Last updated on September 4th, 2012 at 04:32 pm
In case you haven’t picked up on it yet, Congress’ post-election session is slated to address a myriad of major issues, ranging from avoiding automatic cuts set in motion after the failure of the Supercommittee to preventing a major tax increase on millions of Americans and businesses when the existing individual rates expire on Dec. 31. Will they, or more appropriately, can they, actually get anything accomplished during a post-election session? In reality, what gets accomplished in the lame duck session hinges on the results of one national event: the 2012 elections.
The Congressional work period that occurs between the end of Election Day and the start of a new Congress is referred to as a “lame duck” session. Some lame duck sessions are held for formality purposes only, deferring significant matters to the succeeding Congress, especially when the majority party realized an even stronger majority as a result of the elections. Many times, the purpose of a lame duck is to finish up work on appropriations matters. This year’s lame duck session promises to be anything but routine given the enormous agenda already coming together.
The political climate in Washington has become so toxic and partisan, with all focus clearly now on the 2012 elections, that any issue of significance, ever so slightly controversial, is simply being punted to the lame duck session. Let’s take, for example, addressing the current individual tax rates that are set to expire on Dec. 31 or the current estate tax rate/exemption that also will expire on the same date. Congress has not even seriously tried to address these provisions, effectively forcing both tax issues to be taken up after the elections.
Averting the $1.2 trillion in automatic cuts that were put in motion when the Supercommittee failed to achieve $1.5 trillion in deficit reduction will be a major focus for lawmakers during the lame duck session. Without action, the Department of Defense alone is slated to face an additional $500 billion in cuts across the board over the next 10 years, while non-defense programs also will face the chopping block. Appropriations committees are working to offset, or find savings in others areas to avoid, the cuts. N.G.A. has been particularly focused on programs such as SNAP (food stamps) and WIC to ensure any potential funding cuts are avoided or at least moderated.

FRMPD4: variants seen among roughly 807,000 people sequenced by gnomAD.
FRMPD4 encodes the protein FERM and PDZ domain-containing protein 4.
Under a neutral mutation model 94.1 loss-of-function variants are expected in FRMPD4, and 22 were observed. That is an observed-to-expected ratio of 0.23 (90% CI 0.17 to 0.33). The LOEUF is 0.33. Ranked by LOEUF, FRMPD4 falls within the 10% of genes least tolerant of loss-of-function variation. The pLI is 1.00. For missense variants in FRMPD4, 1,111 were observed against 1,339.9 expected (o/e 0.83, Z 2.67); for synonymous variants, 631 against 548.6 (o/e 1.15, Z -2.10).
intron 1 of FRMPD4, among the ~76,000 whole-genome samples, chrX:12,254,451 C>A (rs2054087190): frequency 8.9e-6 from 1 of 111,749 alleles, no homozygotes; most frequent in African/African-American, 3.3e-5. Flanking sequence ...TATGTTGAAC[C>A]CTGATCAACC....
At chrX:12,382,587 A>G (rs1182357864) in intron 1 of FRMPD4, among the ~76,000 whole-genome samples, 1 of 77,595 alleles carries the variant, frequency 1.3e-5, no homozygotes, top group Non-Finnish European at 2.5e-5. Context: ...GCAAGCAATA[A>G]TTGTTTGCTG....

These issues alone are enough to keep Congress tied up for months; however, Congress needs to also address a slew of temporary tax provisions that expired at the end of 2011. These include a number of provisions that are important to retailers and wholesalers, such as the Work Opportunity Tax Credit (WOTC), 100 percent bonus depreciation, the New Markets Tax Credit (NMTC) program and increased expensing of up to $500,00 in equipment, to just name a few. N.G.A. has continued to call on Congress to extend all of these provisions through the end of the year, but again it appears as if the ball will be punted to the lame duck session unless leaders can be convinced to address the provisions before then.
The million-dollar question that no one can answer today is whether Congress can actually get anything done during the lame duck. It all really does depend on the results of the 2012 elections. If Republicans maintain control of the House of Representatives by a comfortable margin and win control of the Senate by a at least a handful of seats, and President Obama is defeated, there will likely be a push by Republicans to put off as much as possible for the next Congress and new president. If the Republicans keep the House by a comfortable margin, win the Senate by only a few seats, and President Obama is re-elected, there will likely be more of an effort to address the major issues in the lame duck session since not much will really change in January.
So it’s not hard to see why Congress continues to suffer painfully low approval ratings and why many American businesses are hesitant to invest capital and hire workers without knowing what their tax liability will be after the end of the year. Frustrations abound, N.G.A. continues to look for opportunities to advance proposals and initiatives that support independent retail grocers and wholesalers and provide an opportunity for these entrepreneurs to grow their businesses and hire workers. Even amid what may seem like total gridlock, we must continue to focus on alternative routes and options to achieve our goals.